Make a “Roadside Rescue Kit”
Be prepared to act when you find an injured or lost pet while traveling. Gather this list of items and keep them in your trunk or in a weather-proof tub in the back of your pickup.
Pets who appear to be dead might not be. Please take a moment from your busy day to pull over, and check for signs of life. If the unfortunate animal is dead, check for ID tags to call the owner and tell them the sad news, so they can stop searching and take possession of the body for burial.
Roadside Rescue Kit List
- Cell phone
- Wallet Card (downloadable), completed with your emergency phone numbers
- Bottled water, 2 qts., leaving room for ice expansion in winter if applicable
- Cat food, 2 qts., in plastic bowl with lid (sample food packets available from some pet stores stay fresh longer)
- Plastic bowl for water to nest with the above
- Squeeze bulb or syringe, to squirt water into a thirsty pet's mouth, if it is too stricken to lap water
- Tarp, plastic, large enough to cover your vehicle seat and back cushion, or to serve as a sling
- Blanket, warm, clean, and tightly woven
- Bandanas, keep several handy for soft restraints, tourniquets, towels, etc.
- Gloves, padded, long-wristed, to protect you from bites and scratches
- Muzzle, soft nylon, to protect you from bites
- Flares or glowsticks, to protect your vehicle from traffic at night or to signal a location
- Flashlight, headlamp style, for hands-free use, batteries removed but in the kit
- Wet wipes
- Small notebook and pencil
- Tote to contain the above (a big kitty litter tote with handle works well)
Tips for Roadside Rescues
Strayed pets will need nourishment. They might not let you approach, but you can leave food and water, and call your local humane authority. A flare may be helpful in signalling the location. Be sure to refill your Roadside Rescue Kit food and water containers.
Injured pets may need more assistance, but take the utmost care when you approach. Gently, slowly, walk toward the pet, talking continually in a soft voice. Avoid direct eye contact. The pet will be very frightened and may react aggressively. Cover the pet with a blanket (not the head), and call your local humane authority or your veterinarian. If the pet struggles to move away from you or growls, stay back until experienced help arrives. Do not give food or water if the injuries appear to require surgery so that anesthesia will be safer for the pet.
Moving injured pets is risky, to them and to you. However, you might decide to accept that risk if the pet appears to need immediate assistance, is a long distance from veterinary care, or the pet appears to be docile.
Take precautions! The pet may bite from fear or pain. Wear gloves. Don't look directly into the eyes. Move gently and slowly. Talk softly. Use the blanket or tarp as a sling, and transport the pet to the nearest veterinarian. Remember to drive safely, slow down for corners, and avoid rough or pitted roads that may make the pet even more uncomfortable.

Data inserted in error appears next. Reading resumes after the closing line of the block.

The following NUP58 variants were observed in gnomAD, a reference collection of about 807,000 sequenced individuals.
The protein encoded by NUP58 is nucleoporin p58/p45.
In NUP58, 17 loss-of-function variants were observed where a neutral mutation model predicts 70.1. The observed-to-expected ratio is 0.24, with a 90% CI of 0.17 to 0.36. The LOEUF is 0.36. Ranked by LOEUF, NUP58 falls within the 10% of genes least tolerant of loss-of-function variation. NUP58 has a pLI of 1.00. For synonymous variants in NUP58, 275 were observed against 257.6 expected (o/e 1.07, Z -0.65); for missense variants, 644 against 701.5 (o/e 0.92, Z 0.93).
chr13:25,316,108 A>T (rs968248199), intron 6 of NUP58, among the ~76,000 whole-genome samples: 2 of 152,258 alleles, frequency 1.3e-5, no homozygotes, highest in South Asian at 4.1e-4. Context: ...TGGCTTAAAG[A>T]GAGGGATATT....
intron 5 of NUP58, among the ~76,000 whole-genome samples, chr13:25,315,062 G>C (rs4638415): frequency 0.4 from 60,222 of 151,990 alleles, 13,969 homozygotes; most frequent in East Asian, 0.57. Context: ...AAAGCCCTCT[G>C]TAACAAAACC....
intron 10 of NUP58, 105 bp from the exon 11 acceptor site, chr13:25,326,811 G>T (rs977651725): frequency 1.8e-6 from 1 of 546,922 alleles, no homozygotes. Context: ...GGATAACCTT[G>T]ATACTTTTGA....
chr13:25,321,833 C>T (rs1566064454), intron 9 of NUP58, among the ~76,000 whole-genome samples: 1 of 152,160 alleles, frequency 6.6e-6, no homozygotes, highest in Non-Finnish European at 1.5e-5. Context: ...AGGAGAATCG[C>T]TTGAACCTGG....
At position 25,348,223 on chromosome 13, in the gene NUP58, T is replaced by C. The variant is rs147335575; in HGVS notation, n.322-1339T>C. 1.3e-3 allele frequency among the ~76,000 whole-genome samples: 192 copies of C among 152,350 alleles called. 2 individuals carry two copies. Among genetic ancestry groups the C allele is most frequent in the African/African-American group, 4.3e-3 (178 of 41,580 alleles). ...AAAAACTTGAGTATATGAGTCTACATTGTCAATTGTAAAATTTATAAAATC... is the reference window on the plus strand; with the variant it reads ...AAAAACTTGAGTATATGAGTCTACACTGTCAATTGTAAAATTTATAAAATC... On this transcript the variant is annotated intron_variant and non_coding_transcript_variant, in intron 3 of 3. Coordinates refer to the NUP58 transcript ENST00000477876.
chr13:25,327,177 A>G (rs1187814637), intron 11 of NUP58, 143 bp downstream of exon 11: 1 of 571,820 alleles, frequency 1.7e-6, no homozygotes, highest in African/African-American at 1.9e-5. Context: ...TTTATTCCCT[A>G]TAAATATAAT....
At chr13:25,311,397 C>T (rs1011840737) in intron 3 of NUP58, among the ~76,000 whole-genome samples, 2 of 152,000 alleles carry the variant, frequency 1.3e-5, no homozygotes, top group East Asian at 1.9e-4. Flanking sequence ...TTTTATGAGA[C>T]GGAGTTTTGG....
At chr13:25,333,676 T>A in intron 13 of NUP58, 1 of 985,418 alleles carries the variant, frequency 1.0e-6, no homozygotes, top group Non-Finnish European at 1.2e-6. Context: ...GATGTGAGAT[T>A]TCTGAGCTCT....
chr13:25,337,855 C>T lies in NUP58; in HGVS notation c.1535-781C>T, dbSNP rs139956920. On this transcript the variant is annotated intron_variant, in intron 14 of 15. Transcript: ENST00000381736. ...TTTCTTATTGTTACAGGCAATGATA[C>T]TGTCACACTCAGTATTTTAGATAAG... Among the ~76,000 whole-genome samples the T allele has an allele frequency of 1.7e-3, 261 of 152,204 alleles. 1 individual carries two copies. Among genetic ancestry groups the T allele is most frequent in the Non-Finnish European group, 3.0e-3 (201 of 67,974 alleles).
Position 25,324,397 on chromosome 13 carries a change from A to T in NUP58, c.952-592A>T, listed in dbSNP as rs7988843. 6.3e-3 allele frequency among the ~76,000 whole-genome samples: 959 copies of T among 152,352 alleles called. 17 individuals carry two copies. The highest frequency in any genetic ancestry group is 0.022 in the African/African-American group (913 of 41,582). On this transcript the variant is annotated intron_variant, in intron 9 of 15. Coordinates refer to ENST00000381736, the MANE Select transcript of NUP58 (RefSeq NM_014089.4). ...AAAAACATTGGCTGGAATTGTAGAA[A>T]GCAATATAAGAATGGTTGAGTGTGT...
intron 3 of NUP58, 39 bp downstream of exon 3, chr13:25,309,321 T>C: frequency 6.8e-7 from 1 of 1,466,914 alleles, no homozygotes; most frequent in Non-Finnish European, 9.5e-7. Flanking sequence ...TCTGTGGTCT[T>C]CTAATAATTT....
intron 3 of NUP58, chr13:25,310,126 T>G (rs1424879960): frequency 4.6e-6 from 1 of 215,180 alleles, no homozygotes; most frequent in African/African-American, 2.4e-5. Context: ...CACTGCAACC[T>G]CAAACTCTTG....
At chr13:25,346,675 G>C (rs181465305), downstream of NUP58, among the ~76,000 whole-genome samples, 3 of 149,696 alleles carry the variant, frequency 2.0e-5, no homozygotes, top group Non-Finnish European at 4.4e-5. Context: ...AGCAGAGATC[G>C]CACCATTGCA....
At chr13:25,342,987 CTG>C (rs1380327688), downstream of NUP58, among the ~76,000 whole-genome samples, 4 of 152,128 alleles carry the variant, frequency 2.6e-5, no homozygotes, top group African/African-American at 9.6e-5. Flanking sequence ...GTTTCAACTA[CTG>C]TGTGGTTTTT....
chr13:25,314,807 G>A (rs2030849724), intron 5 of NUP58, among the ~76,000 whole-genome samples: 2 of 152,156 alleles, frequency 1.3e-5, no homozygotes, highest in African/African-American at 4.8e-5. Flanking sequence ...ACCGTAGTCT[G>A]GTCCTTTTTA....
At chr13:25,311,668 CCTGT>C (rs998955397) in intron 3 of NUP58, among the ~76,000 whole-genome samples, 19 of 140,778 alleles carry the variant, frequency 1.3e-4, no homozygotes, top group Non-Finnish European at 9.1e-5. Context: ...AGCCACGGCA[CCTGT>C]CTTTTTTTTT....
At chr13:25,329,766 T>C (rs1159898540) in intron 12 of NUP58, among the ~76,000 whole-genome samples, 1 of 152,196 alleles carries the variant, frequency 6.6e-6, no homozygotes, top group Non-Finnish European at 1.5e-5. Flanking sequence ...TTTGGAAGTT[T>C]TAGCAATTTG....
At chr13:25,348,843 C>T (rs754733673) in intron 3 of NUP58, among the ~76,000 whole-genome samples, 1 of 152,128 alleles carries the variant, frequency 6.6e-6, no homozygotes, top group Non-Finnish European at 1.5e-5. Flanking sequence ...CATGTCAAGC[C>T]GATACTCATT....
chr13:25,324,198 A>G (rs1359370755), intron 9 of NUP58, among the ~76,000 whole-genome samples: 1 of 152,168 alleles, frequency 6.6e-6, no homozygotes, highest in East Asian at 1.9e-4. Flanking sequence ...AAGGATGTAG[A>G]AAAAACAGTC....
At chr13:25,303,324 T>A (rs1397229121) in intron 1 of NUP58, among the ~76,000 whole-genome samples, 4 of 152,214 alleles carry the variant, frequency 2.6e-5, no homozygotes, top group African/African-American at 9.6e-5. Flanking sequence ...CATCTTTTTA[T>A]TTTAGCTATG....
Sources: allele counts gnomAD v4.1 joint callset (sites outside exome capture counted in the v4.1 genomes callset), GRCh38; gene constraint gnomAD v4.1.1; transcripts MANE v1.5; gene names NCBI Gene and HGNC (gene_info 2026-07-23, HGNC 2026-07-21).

© 2005-2012 The Sunbear Squad; All rights reserved.
Walkers, bikers, pack a "Sidewalk Rescue Kit"
What is a "sidewalk rescue kit?" It's the scaled-down version of our popular Roadside Rescue Kit for vehicles. Keep these items in your backpack or messenger bag:
- A tiny notebook and pencil for note-taking
- Your mobile phone
- Your filled-out Sunbear Squad Wallet Card
- A bottle of water
- A cheap plastic food storage container with dry cat food inside (both dogs and cats can eat right out of the bowl)
- Another cheap plastic food storage container nested below the above, for giving water
- A tiny flashlight
- A light weight nylon slip-noose lead
- A clean bandanna (in a pinch, can become a towel, a muzzle, a collar, etc.)
- A whistle (to get a lot of attention in an emergency)
- A travel pack of handy wipes
As you travel on foot or bicycle through the day, you have the basics needed to help a dog or cat who needs water, food, or rescue.
A construction worker driving to a Wisconsin restaurant on a sub-zero day noticed a dog sitting on train tracks, and noticed the dog hadn't moved when he passed again an hour and a half later, so he pulled over. Jeremy Majorowicz figured something was wrong.
And he was right. As he approached, he noticed that the dog was shivering hard. He approached and offered a bite of muffin to the dog, which was refused. He tried to call the dog to him, but the dog didn't attempt to move.
So, being a Good Samaritan for animals, Majorowicz phoned law enforcement, and animal control was summoned as well. In the frigid afternoon air, a team of men puzzled over the dog. Police officer Tim Strand guessed that the dog may be frozen to the train tracks, and he lifted up the tail. Sure enough, the dog was frozen fast.
Strand freed the dog by yanking him up by the tail, leaving a lot of hair in the ice. The dog yelped, but he was free!
Ten minutes later, a train came through.
The dog was taken to Chippewa County Humane Association, and was immediately treated for hypothermia and named "Ice Train." He was later adopted.
"I have two dogs myself, so I didn't want to leave the dog if there was something wrong," Majorowicz said.